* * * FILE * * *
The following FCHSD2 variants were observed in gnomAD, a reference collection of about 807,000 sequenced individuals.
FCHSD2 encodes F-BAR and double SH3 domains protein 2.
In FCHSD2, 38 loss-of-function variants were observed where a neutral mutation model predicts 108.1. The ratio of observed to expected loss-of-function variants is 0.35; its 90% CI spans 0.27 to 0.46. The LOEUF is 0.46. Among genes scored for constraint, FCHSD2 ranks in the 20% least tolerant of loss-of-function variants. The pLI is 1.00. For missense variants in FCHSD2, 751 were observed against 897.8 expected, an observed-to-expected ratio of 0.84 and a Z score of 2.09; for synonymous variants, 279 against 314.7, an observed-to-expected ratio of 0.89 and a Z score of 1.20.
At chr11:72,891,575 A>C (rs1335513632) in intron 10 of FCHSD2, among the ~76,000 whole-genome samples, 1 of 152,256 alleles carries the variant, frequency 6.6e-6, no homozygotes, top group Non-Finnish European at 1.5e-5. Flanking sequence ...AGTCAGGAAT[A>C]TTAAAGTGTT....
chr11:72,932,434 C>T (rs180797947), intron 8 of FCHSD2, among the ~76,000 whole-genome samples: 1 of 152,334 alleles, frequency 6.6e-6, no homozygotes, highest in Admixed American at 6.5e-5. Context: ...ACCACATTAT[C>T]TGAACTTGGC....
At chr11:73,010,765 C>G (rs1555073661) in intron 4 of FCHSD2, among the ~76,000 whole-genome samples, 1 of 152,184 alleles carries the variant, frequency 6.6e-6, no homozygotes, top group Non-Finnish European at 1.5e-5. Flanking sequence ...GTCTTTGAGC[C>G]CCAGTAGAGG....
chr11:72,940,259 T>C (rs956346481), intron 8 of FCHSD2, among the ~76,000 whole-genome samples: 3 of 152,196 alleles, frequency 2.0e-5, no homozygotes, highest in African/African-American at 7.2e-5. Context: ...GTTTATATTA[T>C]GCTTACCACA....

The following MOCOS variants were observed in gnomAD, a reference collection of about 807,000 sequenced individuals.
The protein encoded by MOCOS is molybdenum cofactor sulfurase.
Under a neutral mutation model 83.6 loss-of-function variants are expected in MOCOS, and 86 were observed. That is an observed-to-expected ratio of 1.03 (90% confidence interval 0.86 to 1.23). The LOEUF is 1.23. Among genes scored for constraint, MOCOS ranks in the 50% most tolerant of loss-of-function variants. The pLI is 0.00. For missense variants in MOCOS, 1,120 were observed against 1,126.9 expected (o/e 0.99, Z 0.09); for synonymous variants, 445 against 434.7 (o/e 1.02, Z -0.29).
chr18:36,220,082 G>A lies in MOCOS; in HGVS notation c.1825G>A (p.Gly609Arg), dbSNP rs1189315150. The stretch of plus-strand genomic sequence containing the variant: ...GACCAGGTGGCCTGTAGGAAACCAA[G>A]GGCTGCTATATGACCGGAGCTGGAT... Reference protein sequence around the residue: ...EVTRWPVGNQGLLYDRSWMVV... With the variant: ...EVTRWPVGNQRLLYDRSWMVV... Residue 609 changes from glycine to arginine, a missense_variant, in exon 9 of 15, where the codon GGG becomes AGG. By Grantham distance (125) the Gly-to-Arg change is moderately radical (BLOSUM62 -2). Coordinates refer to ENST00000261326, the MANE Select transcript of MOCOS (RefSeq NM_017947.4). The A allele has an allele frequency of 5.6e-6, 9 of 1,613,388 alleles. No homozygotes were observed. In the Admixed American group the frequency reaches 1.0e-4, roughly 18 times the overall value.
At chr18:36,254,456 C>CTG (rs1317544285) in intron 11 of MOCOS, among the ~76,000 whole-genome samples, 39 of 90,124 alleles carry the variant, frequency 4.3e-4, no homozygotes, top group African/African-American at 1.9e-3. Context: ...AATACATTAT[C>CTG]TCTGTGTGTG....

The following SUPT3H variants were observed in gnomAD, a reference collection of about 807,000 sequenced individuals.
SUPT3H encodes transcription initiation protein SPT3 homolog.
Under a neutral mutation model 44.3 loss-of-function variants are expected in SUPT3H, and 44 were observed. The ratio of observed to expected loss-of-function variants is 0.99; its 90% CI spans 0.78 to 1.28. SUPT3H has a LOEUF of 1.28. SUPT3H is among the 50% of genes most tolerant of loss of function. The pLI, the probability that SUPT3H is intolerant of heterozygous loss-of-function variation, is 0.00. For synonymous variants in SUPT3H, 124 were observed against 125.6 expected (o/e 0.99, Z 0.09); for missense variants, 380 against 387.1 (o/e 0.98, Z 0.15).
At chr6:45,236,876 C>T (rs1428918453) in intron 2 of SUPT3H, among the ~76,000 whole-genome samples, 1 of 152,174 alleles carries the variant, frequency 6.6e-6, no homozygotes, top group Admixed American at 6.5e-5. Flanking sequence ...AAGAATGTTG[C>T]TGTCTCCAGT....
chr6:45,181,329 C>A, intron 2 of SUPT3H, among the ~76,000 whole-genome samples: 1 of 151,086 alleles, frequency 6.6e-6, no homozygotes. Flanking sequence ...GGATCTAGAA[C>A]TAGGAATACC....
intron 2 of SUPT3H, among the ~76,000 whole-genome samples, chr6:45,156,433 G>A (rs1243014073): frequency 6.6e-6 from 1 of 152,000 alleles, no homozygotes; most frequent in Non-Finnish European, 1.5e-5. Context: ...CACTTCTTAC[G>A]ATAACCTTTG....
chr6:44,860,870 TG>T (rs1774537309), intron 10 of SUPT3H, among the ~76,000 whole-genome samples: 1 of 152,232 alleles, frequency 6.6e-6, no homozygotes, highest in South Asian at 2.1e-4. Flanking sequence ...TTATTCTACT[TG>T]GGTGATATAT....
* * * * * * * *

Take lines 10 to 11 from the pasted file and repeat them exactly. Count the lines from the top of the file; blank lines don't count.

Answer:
Under a neutral mutation model 83.6 loss-of-function variants are expected in MOCOS, and 86 were observed. That is an observed-to-expected ratio of 1.03 (90% confidence interval 0.86 to 1.23). The LOEUF is 1.23. Among genes scored for constraint, MOCOS ranks in the 50% most tolerant of loss-of-function variants. The pLI is 0.00. For missense variants in MOCOS, 1,120 were observed against 1,126.9 expected (o/e 0.99, Z 0.09); for synonymous variants, 445 against 434.7 (o/e 1.02, Z -0.29).
chr18:36,220,082 G>A lies in MOCOS; in HGVS notation c.1825G>A (p.Gly609Arg), dbSNP rs1189315150. The stretch of plus-strand genomic sequence containing the variant: ...GACCAGGTGGCCTGTAGGAAACCAA[G>A]GGCTGCTATATGACCGGAGCTGGAT... Reference protein sequence around the residue: ...EVTRWPVGNQGLLYDRSWMVV... With the variant: ...EVTRWPVGNQRLLYDRSWMVV... Residue 609 changes from glycine to arginine, a missense_variant, in exon 9 of 15, where the codon GGG becomes AGG. By Grantham distance (125) the Gly-to-Arg change is moderately radical (BLOSUM62 -2). Coordinates refer to ENST00000261326, the MANE Select transcript of MOCOS (RefSeq NM_017947.4). The A allele has an allele frequency of 5.6e-6, 9 of 1,613,388 alleles. No homozygotes were observed. In the Admixed American group the frequency reaches 1.0e-4, roughly 18 times the overall value.